The hustle and bustle of broadcast news is enough work to make even the most seasoned professional’s head spin. Dodge College students are no stranger to the task, though, as they air Chapman News every Friday at noon during the school year from Marion Knott Studios. However, most of the students working on the show may not realize what exactly goes into getting the production ready before they step foot on the sound stage.

Every Thursday afternoon, Pete Vander Pluym, Stage Manager for Marion Knott Studios, and Kyle Castellanet (BFA/Film Production ’15), a student stage assistant, go through the labor intensive task of getting the studio broadcast ready for the weekly show. From getting the backdrops into place to setting up steel rigs for additional equipment, the two of them work together like a well-oiled machine to get the job done. Though at the beginning of the semester, different students would rotate in and out to help, Vander Pluym and Castellanet have hit a groove together, and can complete the task in under 45 minutes. In addition to the newscast on Friday afternoons, a news anchoring class also uses the set every Thursday at 4PM, so they try to have everything done well before then.

“In the past, the students doing the show would be the ones setting it up themselves. But, over time, I was able to hire more stage assistants, so the job has fallen to us to get it up and running,” said Vander Pluym, who has been with Dodge College since 2000. In addition to being the Stage Manager, he also teaches some classes that show students how to use the tools in his workshop, in order to construct their own sets, and how to use the sound stages themselves.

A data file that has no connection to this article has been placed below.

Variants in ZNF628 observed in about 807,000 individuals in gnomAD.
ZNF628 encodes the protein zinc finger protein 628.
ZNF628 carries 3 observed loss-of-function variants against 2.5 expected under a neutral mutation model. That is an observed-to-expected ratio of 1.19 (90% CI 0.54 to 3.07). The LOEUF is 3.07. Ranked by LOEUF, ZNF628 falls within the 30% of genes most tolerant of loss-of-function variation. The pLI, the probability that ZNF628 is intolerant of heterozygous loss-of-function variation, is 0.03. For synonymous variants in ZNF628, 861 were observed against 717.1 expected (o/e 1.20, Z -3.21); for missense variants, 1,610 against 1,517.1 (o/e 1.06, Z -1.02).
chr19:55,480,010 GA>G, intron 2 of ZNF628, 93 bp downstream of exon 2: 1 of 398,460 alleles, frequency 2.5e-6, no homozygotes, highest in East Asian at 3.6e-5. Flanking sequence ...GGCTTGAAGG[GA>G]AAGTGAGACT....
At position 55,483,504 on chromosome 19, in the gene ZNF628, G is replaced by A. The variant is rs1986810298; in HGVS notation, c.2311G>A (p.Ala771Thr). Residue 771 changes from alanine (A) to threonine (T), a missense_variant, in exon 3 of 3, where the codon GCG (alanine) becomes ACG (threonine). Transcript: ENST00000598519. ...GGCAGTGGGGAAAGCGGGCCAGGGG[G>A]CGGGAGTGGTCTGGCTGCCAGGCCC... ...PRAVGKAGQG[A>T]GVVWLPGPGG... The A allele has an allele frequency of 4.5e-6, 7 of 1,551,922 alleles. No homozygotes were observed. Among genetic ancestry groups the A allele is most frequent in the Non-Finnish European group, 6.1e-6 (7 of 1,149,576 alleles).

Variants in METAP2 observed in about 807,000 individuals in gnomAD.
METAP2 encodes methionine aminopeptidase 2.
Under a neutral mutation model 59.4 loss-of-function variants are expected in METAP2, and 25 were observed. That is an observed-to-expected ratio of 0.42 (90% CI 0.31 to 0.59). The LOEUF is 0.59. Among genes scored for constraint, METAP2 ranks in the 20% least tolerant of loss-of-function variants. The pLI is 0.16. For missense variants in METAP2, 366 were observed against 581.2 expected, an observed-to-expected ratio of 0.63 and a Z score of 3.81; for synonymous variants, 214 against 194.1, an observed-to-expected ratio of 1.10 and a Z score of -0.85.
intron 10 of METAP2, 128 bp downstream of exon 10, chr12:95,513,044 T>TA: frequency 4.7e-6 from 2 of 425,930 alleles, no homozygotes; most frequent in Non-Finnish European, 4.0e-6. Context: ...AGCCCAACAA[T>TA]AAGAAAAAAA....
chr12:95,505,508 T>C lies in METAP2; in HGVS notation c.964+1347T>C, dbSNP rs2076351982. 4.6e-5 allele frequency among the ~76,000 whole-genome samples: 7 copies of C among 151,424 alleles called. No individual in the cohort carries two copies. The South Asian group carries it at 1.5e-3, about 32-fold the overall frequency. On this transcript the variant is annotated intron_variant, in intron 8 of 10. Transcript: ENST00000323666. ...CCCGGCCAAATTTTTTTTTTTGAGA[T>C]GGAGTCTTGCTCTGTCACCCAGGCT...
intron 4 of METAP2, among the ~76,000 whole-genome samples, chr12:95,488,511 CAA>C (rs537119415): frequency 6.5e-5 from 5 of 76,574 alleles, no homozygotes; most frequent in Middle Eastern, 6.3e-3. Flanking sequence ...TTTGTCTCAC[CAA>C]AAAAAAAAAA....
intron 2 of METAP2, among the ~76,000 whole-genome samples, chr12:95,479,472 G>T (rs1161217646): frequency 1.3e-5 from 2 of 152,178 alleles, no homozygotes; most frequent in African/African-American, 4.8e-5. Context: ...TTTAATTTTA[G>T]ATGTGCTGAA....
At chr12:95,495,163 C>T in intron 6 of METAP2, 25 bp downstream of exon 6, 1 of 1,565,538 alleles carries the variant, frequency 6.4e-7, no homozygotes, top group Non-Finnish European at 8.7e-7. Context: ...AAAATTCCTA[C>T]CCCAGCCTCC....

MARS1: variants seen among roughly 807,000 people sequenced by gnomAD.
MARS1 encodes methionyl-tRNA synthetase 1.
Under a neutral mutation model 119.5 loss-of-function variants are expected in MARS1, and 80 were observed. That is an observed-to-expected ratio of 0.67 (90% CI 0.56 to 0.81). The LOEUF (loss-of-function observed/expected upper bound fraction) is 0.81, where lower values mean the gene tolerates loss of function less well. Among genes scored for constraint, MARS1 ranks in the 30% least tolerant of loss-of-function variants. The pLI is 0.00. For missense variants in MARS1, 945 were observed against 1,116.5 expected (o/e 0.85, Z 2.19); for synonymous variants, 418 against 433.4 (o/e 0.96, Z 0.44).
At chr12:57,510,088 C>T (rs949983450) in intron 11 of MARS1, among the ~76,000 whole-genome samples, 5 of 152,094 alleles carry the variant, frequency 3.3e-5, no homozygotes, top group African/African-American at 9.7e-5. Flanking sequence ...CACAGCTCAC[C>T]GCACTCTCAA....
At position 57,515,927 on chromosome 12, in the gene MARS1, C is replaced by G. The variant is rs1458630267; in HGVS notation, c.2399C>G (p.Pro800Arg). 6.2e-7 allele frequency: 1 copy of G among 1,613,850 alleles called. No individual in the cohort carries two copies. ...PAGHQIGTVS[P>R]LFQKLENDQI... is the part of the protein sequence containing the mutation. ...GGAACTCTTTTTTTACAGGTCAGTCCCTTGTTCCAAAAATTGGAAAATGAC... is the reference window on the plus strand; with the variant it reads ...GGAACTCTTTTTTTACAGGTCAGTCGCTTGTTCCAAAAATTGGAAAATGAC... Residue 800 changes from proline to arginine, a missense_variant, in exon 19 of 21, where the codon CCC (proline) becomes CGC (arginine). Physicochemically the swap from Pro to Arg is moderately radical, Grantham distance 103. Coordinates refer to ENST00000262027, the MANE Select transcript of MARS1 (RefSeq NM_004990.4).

Castellenet has been working for Pete since his Freshman year.

“I’ve done a lot of carpentry in the past, but never for film and TV sets, so there has been a lot to learn. Things like safety, set protocols, and even unions; just things you might take for granted. Pete’s been a great teacher, and really helped me appreciate all the aspects behind the camera,” Castellanet said.

When asked if they thought students from Chapman News should be involved in setting up the stage, Castellanet, while lifting a steel support into place, answered with a resounding “YES!” from across the studio. However, Vander Pluym wasn’t so sure.

“I like it much better when I know I have someone to count on every week, like Kyle, and we can get it done quickly and efficiently. They focus on putting on a great show, so I have no problem focusing on getting it ready for them.”